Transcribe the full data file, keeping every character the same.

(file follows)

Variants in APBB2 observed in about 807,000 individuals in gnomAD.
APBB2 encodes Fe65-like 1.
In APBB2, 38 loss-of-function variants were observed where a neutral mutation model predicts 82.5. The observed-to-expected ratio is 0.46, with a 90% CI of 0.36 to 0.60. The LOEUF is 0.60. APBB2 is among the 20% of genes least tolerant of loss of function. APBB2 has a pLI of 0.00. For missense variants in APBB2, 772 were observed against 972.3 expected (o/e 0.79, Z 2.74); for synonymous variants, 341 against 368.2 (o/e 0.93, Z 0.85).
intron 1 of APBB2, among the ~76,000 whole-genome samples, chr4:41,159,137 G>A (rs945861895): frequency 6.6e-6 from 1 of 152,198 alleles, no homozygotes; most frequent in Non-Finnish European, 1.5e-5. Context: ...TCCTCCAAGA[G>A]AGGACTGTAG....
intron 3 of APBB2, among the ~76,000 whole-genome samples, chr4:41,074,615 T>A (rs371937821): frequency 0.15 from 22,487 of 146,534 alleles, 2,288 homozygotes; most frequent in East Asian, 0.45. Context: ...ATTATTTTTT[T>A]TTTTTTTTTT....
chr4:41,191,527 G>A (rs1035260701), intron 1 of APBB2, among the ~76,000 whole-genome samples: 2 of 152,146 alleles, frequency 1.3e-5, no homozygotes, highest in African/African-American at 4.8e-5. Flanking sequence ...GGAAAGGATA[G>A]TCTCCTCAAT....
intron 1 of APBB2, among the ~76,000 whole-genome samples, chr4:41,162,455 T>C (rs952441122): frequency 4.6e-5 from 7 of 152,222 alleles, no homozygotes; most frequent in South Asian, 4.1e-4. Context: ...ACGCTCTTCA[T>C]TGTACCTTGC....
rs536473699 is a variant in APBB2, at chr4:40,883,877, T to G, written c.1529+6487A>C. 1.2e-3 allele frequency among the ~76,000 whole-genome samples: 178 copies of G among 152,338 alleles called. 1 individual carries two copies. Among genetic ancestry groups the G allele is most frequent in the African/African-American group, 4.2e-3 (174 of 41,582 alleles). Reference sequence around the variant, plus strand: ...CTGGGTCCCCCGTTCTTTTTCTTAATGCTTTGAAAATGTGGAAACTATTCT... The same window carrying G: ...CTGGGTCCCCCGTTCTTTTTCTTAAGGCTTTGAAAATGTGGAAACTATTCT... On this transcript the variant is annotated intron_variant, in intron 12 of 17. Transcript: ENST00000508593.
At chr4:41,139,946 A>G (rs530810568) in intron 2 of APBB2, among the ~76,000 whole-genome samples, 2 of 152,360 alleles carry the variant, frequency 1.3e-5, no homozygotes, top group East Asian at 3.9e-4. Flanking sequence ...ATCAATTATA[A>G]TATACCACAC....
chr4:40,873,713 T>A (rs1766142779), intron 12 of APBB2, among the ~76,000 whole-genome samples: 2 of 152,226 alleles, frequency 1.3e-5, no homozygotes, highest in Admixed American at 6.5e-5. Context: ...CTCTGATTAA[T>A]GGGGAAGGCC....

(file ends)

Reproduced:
Variants in APBB2 observed in about 807,000 individuals in gnomAD.
APBB2 encodes Fe65-like 1.
In APBB2, 38 loss-of-function variants were observed where a neutral mutation model predicts 82.5. The observed-to-expected ratio is 0.46, with a 90% CI of 0.36 to 0.60. The LOEUF is 0.60. APBB2 is among the 20% of genes least tolerant of loss of function. APBB2 has a pLI of 0.00. For missense variants in APBB2, 772 were observed against 972.3 expected (o/e 0.79, Z 2.74); for synonymous variants, 341 against 368.2 (o/e 0.93, Z 0.85).
intron 1 of APBB2, among the ~76,000 whole-genome samples, chr4:41,159,137 G>A (rs945861895): frequency 6.6e-6 from 1 of 152,198 alleles, no homozygotes; most frequent in Non-Finnish European, 1.5e-5. Context: ...TCCTCCAAGA[G>A]AGGACTGTAG....
intron 3 of APBB2, among the ~76,000 whole-genome samples, chr4:41,074,615 T>A (rs371937821): frequency 0.15 from 22,487 of 146,534 alleles, 2,288 homozygotes; most frequent in East Asian, 0.45. Context: ...ATTATTTTTT[T>A]TTTTTTTTTT....
chr4:41,191,527 G>A (rs1035260701), intron 1 of APBB2, among the ~76,000 whole-genome samples: 2 of 152,146 alleles, frequency 1.3e-5, no homozygotes, highest in African/African-American at 4.8e-5. Flanking sequence ...GGAAAGGATA[G>A]TCTCCTCAAT....
intron 1 of APBB2, among the ~76,000 whole-genome samples, chr4:41,162,455 T>C (rs952441122): frequency 4.6e-5 from 7 of 152,222 alleles, no homozygotes; most frequent in South Asian, 4.1e-4. Context: ...ACGCTCTTCA[T>C]TGTACCTTGC....
rs536473699 is a variant in APBB2, at chr4:40,883,877, T to G, written c.1529+6487A>C. 1.2e-3 allele frequency among the ~76,000 whole-genome samples: 178 copies of G among 152,338 alleles called. 1 individual carries two copies. Among genetic ancestry groups the G allele is most frequent in the African/African-American group, 4.2e-3 (174 of 41,582 alleles). Reference sequence around the variant, plus strand: ...CTGGGTCCCCCGTTCTTTTTCTTAATGCTTTGAAAATGTGGAAACTATTCT... The same window carrying G: ...CTGGGTCCCCCGTTCTTTTTCTTAAGGCTTTGAAAATGTGGAAACTATTCT... On this transcript the variant is annotated intron_variant, in intron 12 of 17. Transcript: ENST00000508593.
At chr4:41,139,946 A>G (rs530810568) in intron 2 of APBB2, among the ~76,000 whole-genome samples, 2 of 152,360 alleles carry the variant, frequency 1.3e-5, no homozygotes, top group East Asian at 3.9e-4. Flanking sequence ...ATCAATTATA[A>G]TATACCACAC....
chr4:40,873,713 T>A (rs1766142779), intron 12 of APBB2, among the ~76,000 whole-genome samples: 2 of 152,226 alleles, frequency 1.3e-5, no homozygotes, highest in Admixed American at 6.5e-5. Context: ...CTCTGATTAA[T>A]GGGGAAGGCC....